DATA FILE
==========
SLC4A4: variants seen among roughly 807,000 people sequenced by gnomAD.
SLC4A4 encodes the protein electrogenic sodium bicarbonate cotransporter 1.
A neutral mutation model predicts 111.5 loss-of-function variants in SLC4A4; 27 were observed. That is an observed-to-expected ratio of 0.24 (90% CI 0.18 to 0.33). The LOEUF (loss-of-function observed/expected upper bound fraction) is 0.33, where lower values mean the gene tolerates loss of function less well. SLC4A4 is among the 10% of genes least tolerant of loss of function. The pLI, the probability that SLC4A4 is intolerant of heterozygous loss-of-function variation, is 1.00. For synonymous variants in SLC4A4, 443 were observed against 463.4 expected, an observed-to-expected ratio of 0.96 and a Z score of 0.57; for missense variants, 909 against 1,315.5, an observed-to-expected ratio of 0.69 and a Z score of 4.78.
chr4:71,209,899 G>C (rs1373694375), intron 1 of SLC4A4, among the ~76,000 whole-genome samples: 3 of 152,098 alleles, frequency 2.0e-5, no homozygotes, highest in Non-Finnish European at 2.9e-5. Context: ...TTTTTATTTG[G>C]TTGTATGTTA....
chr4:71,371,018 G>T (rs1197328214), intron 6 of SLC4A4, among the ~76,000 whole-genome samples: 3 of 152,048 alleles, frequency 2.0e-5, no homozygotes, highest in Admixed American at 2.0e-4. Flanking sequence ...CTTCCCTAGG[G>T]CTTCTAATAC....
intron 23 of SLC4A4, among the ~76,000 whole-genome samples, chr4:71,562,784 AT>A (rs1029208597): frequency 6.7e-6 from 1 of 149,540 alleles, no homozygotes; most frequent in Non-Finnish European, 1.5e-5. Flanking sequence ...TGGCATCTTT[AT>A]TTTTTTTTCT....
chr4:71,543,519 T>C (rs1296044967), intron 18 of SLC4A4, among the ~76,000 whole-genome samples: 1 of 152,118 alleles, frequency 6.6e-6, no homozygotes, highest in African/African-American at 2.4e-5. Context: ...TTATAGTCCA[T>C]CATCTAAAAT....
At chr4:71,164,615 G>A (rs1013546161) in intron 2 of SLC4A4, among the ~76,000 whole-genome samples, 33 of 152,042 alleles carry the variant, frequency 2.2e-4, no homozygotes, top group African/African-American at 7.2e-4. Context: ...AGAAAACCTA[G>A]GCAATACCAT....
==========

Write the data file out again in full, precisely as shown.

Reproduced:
SLC4A4: variants seen among roughly 807,000 people sequenced by gnomAD.
SLC4A4 encodes the protein electrogenic sodium bicarbonate cotransporter 1.
A neutral mutation model predicts 111.5 loss-of-function variants in SLC4A4; 27 were observed. That is an observed-to-expected ratio of 0.24 (90% CI 0.18 to 0.33). The LOEUF (loss-of-function observed/expected upper bound fraction) is 0.33, where lower values mean the gene tolerates loss of function less well. SLC4A4 is among the 10% of genes least tolerant of loss of function. The pLI, the probability that SLC4A4 is intolerant of heterozygous loss-of-function variation, is 1.00. For synonymous variants in SLC4A4, 443 were observed against 463.4 expected, an observed-to-expected ratio of 0.96 and a Z score of 0.57; for missense variants, 909 against 1,315.5, an observed-to-expected ratio of 0.69 and a Z score of 4.78.
chr4:71,209,899 G>C (rs1373694375), intron 1 of SLC4A4, among the ~76,000 whole-genome samples: 3 of 152,098 alleles, frequency 2.0e-5, no homozygotes, highest in Non-Finnish European at 2.9e-5. Context: ...TTTTTATTTG[G>C]TTGTATGTTA....
chr4:71,371,018 G>T (rs1197328214), intron 6 of SLC4A4, among the ~76,000 whole-genome samples: 3 of 152,048 alleles, frequency 2.0e-5, no homozygotes, highest in Admixed American at 2.0e-4. Flanking sequence ...CTTCCCTAGG[G>T]CTTCTAATAC....
intron 23 of SLC4A4, among the ~76,000 whole-genome samples, chr4:71,562,784 AT>A (rs1029208597): frequency 6.7e-6 from 1 of 149,540 alleles, no homozygotes; most frequent in Non-Finnish European, 1.5e-5. Flanking sequence ...TGGCATCTTT[AT>A]TTTTTTTTCT....
chr4:71,543,519 T>C (rs1296044967), intron 18 of SLC4A4, among the ~76,000 whole-genome samples: 1 of 152,118 alleles, frequency 6.6e-6, no homozygotes, highest in African/African-American at 2.4e-5. Context: ...TTATAGTCCA[T>C]CATCTAAAAT....
At chr4:71,164,615 G>A (rs1013546161) in intron 2 of SLC4A4, among the ~76,000 whole-genome samples, 33 of 152,042 alleles carry the variant, frequency 2.2e-4, no homozygotes, top group African/African-American at 7.2e-4. Context: ...AGAAAACCTA[G>A]GCAATACCAT....